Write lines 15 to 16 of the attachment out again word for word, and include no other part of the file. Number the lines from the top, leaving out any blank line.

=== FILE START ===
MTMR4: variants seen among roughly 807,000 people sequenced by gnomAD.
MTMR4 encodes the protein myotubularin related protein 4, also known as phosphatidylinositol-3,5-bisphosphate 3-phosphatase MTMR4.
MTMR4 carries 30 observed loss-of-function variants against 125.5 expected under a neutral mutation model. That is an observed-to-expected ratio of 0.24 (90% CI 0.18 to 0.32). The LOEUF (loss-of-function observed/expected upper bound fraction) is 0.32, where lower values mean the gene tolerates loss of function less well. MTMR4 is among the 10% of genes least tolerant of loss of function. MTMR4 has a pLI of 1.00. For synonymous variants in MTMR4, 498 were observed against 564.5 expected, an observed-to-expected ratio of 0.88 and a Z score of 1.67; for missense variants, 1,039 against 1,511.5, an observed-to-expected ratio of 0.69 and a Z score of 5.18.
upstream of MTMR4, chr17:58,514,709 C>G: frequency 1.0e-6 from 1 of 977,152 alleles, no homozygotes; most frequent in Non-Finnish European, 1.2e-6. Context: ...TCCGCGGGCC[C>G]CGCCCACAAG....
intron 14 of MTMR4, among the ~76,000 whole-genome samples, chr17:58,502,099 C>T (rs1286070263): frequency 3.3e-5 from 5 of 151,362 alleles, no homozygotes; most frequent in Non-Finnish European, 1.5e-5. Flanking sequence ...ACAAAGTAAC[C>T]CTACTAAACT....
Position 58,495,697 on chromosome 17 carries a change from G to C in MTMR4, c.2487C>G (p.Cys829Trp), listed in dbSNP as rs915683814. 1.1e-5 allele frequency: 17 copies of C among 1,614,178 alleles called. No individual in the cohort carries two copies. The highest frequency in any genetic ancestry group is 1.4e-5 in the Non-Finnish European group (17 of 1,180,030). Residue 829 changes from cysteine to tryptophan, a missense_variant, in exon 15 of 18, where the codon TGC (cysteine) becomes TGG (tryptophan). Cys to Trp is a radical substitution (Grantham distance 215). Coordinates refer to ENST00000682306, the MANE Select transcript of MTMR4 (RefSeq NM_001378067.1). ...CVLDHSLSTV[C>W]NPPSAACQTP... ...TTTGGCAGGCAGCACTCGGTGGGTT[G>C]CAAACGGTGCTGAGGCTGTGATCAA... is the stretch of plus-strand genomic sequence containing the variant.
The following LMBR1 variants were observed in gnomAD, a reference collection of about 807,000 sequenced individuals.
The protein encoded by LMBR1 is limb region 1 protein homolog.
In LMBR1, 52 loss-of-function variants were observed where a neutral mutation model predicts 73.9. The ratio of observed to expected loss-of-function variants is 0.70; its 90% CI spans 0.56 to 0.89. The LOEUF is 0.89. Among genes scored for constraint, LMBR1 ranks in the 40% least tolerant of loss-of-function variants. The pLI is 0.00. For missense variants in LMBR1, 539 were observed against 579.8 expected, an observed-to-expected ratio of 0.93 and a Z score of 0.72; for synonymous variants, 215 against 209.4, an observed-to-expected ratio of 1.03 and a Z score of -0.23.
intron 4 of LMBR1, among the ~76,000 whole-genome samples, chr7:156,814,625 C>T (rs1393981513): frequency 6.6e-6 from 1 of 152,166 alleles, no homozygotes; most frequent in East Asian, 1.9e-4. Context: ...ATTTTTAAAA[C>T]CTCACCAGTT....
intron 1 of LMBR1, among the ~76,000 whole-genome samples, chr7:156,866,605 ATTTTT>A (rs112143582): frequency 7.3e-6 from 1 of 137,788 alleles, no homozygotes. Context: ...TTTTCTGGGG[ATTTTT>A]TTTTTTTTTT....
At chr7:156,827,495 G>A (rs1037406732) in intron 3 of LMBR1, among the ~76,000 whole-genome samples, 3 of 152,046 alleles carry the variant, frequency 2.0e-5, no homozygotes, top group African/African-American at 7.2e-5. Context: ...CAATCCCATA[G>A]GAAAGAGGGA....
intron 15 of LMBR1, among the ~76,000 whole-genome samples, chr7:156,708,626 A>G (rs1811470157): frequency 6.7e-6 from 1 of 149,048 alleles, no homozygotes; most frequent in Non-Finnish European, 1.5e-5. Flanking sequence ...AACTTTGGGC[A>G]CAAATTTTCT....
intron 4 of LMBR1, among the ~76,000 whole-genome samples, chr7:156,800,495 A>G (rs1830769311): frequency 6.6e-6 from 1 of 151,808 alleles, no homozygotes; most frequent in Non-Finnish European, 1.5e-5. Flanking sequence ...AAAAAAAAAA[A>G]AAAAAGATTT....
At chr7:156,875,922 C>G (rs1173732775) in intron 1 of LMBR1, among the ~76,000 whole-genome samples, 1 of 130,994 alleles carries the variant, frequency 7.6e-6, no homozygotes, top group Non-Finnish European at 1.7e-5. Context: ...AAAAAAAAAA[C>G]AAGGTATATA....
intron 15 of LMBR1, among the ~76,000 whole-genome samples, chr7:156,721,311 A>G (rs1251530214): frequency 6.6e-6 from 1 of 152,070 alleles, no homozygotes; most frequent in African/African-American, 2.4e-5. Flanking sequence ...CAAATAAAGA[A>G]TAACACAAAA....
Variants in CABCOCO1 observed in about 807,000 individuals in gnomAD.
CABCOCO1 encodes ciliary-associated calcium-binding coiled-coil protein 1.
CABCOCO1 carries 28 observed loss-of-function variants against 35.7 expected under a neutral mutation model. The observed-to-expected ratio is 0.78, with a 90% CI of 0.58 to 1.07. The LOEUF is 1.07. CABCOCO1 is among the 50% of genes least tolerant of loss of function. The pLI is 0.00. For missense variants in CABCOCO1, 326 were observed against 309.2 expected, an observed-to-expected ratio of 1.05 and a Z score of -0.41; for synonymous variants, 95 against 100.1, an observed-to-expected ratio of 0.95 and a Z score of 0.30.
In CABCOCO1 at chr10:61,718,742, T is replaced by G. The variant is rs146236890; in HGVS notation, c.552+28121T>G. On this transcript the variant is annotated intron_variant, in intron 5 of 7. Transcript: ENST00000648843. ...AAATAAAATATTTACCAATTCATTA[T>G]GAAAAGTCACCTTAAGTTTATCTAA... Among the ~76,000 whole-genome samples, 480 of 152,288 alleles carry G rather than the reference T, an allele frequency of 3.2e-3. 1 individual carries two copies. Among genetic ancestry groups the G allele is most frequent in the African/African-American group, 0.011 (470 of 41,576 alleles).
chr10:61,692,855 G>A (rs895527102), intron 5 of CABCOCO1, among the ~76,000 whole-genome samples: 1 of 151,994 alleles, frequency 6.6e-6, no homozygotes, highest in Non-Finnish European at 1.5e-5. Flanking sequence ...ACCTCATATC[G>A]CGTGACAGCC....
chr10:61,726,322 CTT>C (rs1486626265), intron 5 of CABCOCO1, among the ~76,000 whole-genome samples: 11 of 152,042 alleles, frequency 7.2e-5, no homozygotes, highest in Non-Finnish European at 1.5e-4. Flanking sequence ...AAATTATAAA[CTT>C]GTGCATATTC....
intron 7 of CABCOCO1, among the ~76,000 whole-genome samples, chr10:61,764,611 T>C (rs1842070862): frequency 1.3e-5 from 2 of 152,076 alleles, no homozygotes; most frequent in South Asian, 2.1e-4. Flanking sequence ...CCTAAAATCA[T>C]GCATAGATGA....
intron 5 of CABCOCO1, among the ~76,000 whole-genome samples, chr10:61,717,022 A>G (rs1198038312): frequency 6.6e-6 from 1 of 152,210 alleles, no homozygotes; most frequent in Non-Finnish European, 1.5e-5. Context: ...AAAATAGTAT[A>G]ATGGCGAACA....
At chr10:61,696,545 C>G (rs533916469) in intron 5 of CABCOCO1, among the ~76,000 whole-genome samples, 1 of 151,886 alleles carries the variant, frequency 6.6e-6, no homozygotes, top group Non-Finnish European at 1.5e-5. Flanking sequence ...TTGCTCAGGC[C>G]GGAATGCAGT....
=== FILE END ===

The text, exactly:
At chr7:156,875,922 C>G (rs1173732775) in intron 1 of LMBR1, among the ~76,000 whole-genome samples, 1 of 130,994 alleles carries the variant, frequency 7.6e-6, no homozygotes, top group Non-Finnish European at 1.7e-5. Context: ...AAAAAAAAAA[C>G]AAGGTATATA....
intron 15 of LMBR1, among the ~76,000 whole-genome samples, chr7:156,721,311 A>G (rs1251530214): frequency 6.6e-6 from 1 of 152,070 alleles, no homozygotes; most frequent in African/African-American, 2.4e-5. Flanking sequence ...CAAATAAAGA[A>G]TAACACAAAA....